14. 14

    That is why you always have to fix/work on the inside.  

  15. 15

    Cat #15,
    I do remember Extreme Makeover quite vividly, actually. While normally not a supporter of plastic surgery, however, I thought in those cases it was warranted. Those people’s appearance effectively ruined their lives, and if even the surgeons occasionally remarked that those were the worst cases [of teeth, skin, whatever] they’ve ever seen… makes it kinda difficult to propose that they just accept themselves the way they are. 😐
    Jennifer Grey’s nose job wasn’t bad per se, it was just unnecessary, and turned out to be detrimental to her career. She had her own unique look, and after the surgery she ended up indistinguishable from millions of other people.

    1. 15.1

      @Juju, I was referring to the show, The Swan. (There’s a link to the wiki as well.)

  16. 16

    Oh, sorry, missed it. I don’t think I ever heard of it before.

  17. 17

    @Juju #7:
    “It does leave me perturbed that her man openly admitted he wouldn’t have given her a chance if she still had her former looks.”
    Good point. After reading your post, I tried to put myself in the OP’s position. I was a really nerdy-looking teen, and have some pictures to prove it. Then, as soon as I outgrew that stage, I went off to college and gained 30 pounds in my first year. Lost them all by my last year of college, but, again, I have pictures. I’ve shown the pictures to plenty of men (heck, they’re even posted on my Facebook somewhere). And I have never in my life had a man say to me, “Well I would’ve never asked you out if you still looked like that, but hey, I like your looks now, so it’s all good.” It’s just an incredibly rude thing to say. No wonder the OP feels insecure. Maybe the guy is not as much of a catch as he seems? just a thought.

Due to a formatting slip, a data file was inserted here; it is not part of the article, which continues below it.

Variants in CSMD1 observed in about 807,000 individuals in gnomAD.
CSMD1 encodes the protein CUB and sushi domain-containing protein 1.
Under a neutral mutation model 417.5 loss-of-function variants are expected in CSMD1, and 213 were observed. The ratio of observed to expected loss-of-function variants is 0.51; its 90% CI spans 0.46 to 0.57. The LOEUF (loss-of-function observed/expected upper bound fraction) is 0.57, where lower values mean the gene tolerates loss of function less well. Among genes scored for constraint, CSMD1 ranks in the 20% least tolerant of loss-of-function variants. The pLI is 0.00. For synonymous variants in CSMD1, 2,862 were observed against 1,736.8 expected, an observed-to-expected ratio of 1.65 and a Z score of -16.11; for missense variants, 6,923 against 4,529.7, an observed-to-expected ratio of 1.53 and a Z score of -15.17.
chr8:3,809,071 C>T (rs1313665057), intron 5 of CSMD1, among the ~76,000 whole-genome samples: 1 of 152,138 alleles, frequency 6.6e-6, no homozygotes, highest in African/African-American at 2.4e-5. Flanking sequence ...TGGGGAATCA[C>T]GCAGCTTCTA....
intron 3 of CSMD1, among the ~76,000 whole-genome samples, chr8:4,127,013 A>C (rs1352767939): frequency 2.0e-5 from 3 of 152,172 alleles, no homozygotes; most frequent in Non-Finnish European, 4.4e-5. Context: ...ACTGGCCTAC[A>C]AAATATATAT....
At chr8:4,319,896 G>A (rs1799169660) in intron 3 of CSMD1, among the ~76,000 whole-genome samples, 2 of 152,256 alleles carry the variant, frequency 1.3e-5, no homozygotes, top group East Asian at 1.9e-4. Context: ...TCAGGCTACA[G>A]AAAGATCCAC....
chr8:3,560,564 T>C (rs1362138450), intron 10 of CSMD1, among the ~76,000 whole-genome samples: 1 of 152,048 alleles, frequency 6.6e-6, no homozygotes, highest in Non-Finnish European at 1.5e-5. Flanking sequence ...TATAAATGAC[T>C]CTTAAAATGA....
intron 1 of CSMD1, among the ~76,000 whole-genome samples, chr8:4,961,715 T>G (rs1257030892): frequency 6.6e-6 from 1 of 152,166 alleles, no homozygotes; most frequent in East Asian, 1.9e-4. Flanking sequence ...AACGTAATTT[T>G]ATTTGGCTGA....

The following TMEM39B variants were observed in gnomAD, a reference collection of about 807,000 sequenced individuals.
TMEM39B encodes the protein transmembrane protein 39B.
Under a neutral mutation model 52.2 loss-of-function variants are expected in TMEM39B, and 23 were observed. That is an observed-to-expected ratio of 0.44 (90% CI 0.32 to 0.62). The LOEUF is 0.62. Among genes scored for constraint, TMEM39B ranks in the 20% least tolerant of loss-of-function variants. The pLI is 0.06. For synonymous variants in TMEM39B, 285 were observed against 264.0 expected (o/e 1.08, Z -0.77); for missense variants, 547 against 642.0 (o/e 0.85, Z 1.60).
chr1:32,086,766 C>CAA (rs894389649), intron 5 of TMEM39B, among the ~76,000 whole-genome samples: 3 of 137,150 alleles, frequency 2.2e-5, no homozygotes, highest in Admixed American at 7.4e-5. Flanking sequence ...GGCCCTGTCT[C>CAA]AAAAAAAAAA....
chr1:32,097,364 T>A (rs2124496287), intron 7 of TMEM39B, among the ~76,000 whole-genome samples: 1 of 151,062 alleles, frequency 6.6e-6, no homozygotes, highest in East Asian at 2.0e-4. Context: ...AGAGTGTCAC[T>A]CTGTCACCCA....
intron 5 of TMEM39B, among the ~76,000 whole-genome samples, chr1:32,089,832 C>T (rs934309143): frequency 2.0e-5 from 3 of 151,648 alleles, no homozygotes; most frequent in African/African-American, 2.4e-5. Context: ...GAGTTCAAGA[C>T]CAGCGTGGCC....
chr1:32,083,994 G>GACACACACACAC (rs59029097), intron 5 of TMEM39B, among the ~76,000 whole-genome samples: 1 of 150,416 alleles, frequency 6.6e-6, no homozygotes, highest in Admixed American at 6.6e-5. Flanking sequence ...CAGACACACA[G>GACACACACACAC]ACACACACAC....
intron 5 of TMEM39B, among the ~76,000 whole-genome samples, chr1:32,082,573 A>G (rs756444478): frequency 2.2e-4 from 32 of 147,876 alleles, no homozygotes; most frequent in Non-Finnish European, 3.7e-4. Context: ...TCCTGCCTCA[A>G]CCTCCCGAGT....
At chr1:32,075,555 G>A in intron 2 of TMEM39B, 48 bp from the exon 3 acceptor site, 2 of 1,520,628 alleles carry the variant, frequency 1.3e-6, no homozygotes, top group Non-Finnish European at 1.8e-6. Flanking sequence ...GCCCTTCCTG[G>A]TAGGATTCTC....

18. 18

    Goldie, and that’s when the issue was only weight and/or style. With the weight one can argue that it’s not your actual body, since it’s your body plus the extra poundage (sort of a diamond in the rough). But when it’s the actual face you were born with, it’s as if he is saying, “I find you fundamentally unacceptable.”
    That’s the way I would have felt about that, anyway.

  19. 19
    Karl R

    JuJu said: (#7)
    “It does leave me perturbed that her man openly admitted he wouldn’t have given her a chance if she still had her former looks.”
    Goldie said: (#19)
    “It’s just an incredibly rude thing to say. No wonder the OP feels insecure.”

    Martine may have directly asked her boyfriend that question. I’ve had people (including girlfriends) ask me questions where they don’t want to hear the truth … and I try to avoid lying, especially to friends.

    It’s a very awkward position to be placed in. And it is the sort of question an insecure person is likely to ask.

    Martine said: (original post)
    “I did it to hopefully land a ‘top quality’ guy.”
    “I am currently with a ‘great catch’: early 40’s, tall, black, very successful, treats me well.”

    Would you have dated  your “top quality guy”  if he wasn’t successful? Or would you have gone looking for a better catch?

    Martine said: (original post)
    “I can’t shake the feeling that should my looks fade, he might change his mind, and I will end up divorced in 7 years, with young children.”

    What happens if he loses his monetary assets? What happens if he loses his great job and can’t find another that earns nearly as much? Will you change your mind and divorce him?

    At some point, there was a “before” he was successful. There may be a point when he is no longer successful. Are you willing to accept him, flaws and all, if that occurs?

    Martine said: (original post)
    “Even though my boyfriend tells me he loves me”

    Forget that. Do you love him?

    I think that’s the first question you need to ask yourself.

  20. 20

    You know what the weird thing is? What really rubs me the wrong way is how her man  mostly dated blond women before her. Being Indian, I’ve definitely seen this trend among men of my own race- it bothers me. Not because they find blond women hot. Hell, I’ve found plenty of blond women to be hot myself. like Patti Boyd. LOL But because with these men, it usually smacks of identity crisis, and a form of self-hatred at being the race they are. Such men tend to not be  independent thinkers, no matter how successful they are financially or academically.  I don’t know about the OP, but I’m looking for someone who’s proud to be who he is.

    I don’t know what her own issues are regarding her ethnicity- maybe they match her boyfriend’s? If so, maybe she realizes that. My two cents? If you want to date men of color, make sure that they don’t have a prejudice against their own race, or other people of color- that spells trouble to me.